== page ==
Physicians’ Seven Year Gap

This past weekend, while jogging through my community, I had the pleasure of bumping into a former colleague and his brother who were out for their daily five mile walk. Dr. G. had attended a local medical school, finished near the top of his class, and had gone on to do his internship and residency at the premier private hospital in Miami Beach, Florida. After completing his residency in internal medicine, and achieving Board Certification, he moved to Palm Beach County, Florida to practice.

He became the medical director of almost every skilled nursing home in the area.  No one wanted the job. The patients were elderly and in the last years of their life.

The bureaucratic rules meant he received hundreds of phone calls from the nursing staff at all hours of the day, every day. If a patient had indigestion and needed over the counter medication, they were required to page him. If a patient scraped themselves and needed a band aid and peroxide they were required to call him, all day and all night. The calls were so frequent most physicians would not cover his practice so that he could get a day off or take a few days vacation.  I met him for the first time while we were waiting to meet the Board of Directors of the local hospital on our first day of becoming staff members of the only hospital in the area at that time.

Over the years, my associate and I would take pity on the poor dedicated soul and agree to cover his practice so that he could take a break. It took at least two physicians to cover the practice and, frankly, by the second day the phone calls for minor ailments drove me crazy.

He practiced for 25 years then, due to some inherited money and good investments and savings, retired seven years ago. My only contact with him these days is meeting him and his brother on their walk. The conversation is always directed by him to the state of the practice of medicine. “How can you earn a living these days with all the cutbacks and regulations“, he would ask.  He would also inquire about health care reform and the sale of physician practices to the hospital and the health of colleagues he had practiced with.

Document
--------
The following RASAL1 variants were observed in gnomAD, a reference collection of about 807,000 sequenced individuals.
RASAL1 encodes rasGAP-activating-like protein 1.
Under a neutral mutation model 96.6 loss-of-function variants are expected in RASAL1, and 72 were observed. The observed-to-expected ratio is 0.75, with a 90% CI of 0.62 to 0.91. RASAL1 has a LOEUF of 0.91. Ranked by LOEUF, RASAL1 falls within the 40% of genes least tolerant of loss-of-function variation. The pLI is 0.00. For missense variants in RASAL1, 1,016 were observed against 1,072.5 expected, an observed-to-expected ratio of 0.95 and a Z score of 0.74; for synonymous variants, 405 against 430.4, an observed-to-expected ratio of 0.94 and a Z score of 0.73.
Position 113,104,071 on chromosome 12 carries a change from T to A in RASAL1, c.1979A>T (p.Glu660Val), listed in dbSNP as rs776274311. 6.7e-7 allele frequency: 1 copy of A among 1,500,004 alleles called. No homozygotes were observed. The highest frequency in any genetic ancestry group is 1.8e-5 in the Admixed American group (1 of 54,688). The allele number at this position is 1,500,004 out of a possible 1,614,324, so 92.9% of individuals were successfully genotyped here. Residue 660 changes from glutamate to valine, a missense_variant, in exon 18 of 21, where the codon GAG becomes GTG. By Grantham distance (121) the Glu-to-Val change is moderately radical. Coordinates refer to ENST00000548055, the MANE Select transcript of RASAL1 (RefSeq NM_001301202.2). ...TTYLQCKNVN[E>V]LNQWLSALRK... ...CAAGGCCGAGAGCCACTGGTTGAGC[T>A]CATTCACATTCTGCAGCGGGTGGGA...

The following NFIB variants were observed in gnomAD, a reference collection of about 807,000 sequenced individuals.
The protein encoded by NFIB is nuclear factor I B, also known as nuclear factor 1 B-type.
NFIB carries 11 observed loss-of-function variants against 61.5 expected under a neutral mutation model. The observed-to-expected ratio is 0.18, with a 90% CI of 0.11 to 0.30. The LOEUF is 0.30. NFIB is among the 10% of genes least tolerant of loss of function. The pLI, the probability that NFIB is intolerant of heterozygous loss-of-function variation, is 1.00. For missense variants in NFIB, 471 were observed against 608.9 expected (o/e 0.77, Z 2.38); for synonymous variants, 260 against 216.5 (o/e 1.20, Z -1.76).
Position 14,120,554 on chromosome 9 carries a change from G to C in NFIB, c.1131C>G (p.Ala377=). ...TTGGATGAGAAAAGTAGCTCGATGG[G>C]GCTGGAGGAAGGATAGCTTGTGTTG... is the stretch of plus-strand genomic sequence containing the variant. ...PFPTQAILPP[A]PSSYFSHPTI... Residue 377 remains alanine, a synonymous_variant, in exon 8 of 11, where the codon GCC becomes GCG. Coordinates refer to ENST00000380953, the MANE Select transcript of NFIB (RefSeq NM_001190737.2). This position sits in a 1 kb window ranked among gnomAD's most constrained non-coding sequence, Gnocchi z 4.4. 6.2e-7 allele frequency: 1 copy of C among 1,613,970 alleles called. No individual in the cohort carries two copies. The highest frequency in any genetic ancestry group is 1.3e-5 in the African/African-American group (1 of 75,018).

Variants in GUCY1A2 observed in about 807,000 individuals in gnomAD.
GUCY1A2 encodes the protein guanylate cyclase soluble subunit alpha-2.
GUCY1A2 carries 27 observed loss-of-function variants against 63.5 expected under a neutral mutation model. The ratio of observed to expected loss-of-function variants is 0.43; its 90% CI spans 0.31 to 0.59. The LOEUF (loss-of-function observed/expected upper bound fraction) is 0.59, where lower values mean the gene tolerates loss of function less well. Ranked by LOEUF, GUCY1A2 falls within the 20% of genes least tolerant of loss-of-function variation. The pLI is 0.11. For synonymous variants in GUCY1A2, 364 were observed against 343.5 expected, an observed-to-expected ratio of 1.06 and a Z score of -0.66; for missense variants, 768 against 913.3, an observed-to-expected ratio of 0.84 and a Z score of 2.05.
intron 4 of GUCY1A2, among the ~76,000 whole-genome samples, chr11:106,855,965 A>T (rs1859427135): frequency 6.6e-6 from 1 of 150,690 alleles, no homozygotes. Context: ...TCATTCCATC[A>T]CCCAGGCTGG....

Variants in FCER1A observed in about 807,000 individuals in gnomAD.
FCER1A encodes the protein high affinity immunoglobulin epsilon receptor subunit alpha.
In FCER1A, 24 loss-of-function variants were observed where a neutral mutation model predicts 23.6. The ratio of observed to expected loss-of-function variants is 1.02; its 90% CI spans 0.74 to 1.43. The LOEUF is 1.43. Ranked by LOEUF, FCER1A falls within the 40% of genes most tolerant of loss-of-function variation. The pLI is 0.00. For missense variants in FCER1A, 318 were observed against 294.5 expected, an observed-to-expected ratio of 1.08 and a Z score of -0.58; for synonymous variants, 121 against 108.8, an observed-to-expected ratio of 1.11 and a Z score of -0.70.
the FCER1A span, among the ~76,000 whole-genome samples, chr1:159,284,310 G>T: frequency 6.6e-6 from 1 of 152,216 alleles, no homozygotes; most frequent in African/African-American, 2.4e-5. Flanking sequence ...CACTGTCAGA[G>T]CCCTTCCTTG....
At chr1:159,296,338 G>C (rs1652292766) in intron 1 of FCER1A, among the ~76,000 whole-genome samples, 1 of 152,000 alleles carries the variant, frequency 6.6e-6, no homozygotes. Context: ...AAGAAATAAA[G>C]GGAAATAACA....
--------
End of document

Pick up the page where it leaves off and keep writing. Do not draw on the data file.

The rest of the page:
On today’s walk he talked about a blog (website) he had discovered on line where physicians and patients discussed health care issues. He had read several articles about non physicians complaining about doctors earning money and charging a fee for the products and services they provide.  “What makes people think that doctors don’t have to earn a living to pay their bills as well as the next guy?”

Today’s walk was additionally special because it was the weekend of the NFL Divisional Playoff games. Dr. G. was a devout football fan. He bled Orange and Aqua for the Dolphins and Orange and Green for his Miami Hurricanes. As we walked he said,” I entered medical school in 1972 and completed my residency in 1979. It’s like there is this gap of seven years when I saw nothing and did nothing but study and learn medicine. I don’t remember who played in the Super Bowls let alone who won it. I don’t know who won the World Series.  I couldn’t tell you which movies won the Best Picture of the Year Award at the Oscars or who won the Tony for Best Musicals on Broadway?”

As we walked I thought about it too. Then I realized, that seven year period of time seemed as if someone had put a hold on my life as well. During that period, my friends from high school and college went on with their lives. They started businesses and other jobs. They married and started families. They travelled. They socialized.

I devoted seven years of my life to become the best doctor I could be. I studied and slept in-between 36 hour shifts on call with only seven or eight hours off at a time.  I had always considered my seven year gap a personal aberration but here was a colleague who experienced the same thing. I wondered about those physicians who had a ten or fifteen year post graduate experience before they got out in the world and re-joined the living. How did they survive?